Thursday 31 October 2013

Joe Symes & the Loving Kind - Joe Symes & the Loving Kind

Album review by

Take a look at the album cover to this self-titled debut from Liverpool's Joe Symes & the Loving Kind. Sometimes you can judge a book by its cover, and this is no trick. It's an old-fashioned look, it harks back to the 1960s, even the back cover (of the CD!) says "LONG PLAY 33⅓ R.P.M.". The whole thing is stylised to take you back to the golden age of vinyl and a golden age for British music. You might be thinking this is going to be a '60s garage ride, and opening track 'Fallen Down' would definitely make this assumption appear correct. It's upbeat, it's energetic and it has that timeless sound, but it's not representative of the rest of the album. With the success of The Strypes and the inevitable imitators (of this band of imitators) that will follow, this is probably for the best. This is a record that's still locked in that decade though, and the other tunes here prove it, with perhaps the overriding influence being The Kinks.

By all accounts, it's in the live arena that Joe Symes & the Loving Kind made their name, and despite this being a very good collection of recordings, that may be where they consider that they excel the most. They've caught the attention of fellow retro-loving rock royalty such as Noel Gallagher and Steve Cradock, both of whom can be counted as fans. They even launched the album at Liverpool's Zanzibar club with an introduction by Beatles promoter Sam Leach. I think you're beginning to get the picture. Recreating sounds from this era can be good and it can be bad. At the tail-end of Britpop the sheer amount of bands that were attempting to pillage from the past made the whole scene become a joke. Dad-rock was invented and Noel, Weller, Ocean Colour Scene and co. were accused of promoting (and creating) tired old stodge. These guys don't suffer from that problem. These might be vintage songs in style, but they're not dull regurgitations or over-earnest tunes for people who want "real" music (is there such a thing as fake music?). There's a freshness here and indulgence is barely even considered.

You can look at early Small Faces, The Kinks and even Donovan when listening to songs like 'Fine Line'. They touch upon blues without going off into real dad-rock heaven by incorporating drawn-out guitar solos and twelve-bar bores. 'Ready To Ride' does the job nicely with simple guitar and piano, the quirky nature and brushed drums adding a certain idiosyncratic quality. 'Lovers Undercover' is simply classic songwriting that could have come from any period since the "rock era" began; the same could be said for 'Happy When It Hurts' and by now the whole garage idea is long forgotten. This band are as focused on songs as style, although they rarely sound modern and are certainly far from being cutting-edge in any way, but that's not the point. An entertaining spoken-word interlude interrupts the album, announcing that the next song with be their last and thinking everyone for listening, perhaps to give some connection to their live shows. What follows is more piano-led rock/pop in the form of 'Love Is The Reason', maybe the most electrified track since the opener, but one with a whole different vibe. It's a definite highlight. Naturally no live show is finished without the encore, so (and despite none of these songs actually being live) we get two "bonus tracks". 'A World Out Your Window' pales slightly compared to what it had to follow, although it's hardly a bad tune, but the ending of 'Where Do I Belong?' is more slightly madcap '60s psych-pop and brings things to a close nicely. Well, almost. They couldn't resist one last surprise with an unnamed secret track that's little more than some messing about for a few seconds. Joe Symes & the Loving Kind have a refreshing disregard for what the music world is doing. They do what they do, and for that they deserve some respect.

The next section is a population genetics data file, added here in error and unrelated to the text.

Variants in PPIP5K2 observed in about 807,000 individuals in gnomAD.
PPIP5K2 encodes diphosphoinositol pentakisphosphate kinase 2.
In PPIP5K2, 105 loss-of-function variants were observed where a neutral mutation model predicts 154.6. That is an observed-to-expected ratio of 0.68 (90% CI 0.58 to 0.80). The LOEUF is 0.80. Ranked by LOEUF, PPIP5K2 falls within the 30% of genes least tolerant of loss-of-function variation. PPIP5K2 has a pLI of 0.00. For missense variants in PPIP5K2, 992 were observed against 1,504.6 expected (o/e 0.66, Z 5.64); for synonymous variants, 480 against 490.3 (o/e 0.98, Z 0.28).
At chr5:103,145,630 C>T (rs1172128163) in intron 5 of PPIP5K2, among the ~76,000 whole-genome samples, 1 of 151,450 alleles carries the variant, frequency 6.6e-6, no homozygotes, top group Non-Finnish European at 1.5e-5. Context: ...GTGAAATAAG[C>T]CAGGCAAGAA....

Joe Symes & the Loving Kind's website

Buy the album

Catch them live:

2nd - The Zanzibar Club, Liverpool.
9th - White Rooms, Warrington.
15th - Salford Arms, Manchester.
22nd - The Water Rats, London.
6th - Alan McGee's 359 Records night at District, Liverpool.
13th - Eric's Live, Liverpool. (Blockheads Support)
14th - Bumper, Liverpool.

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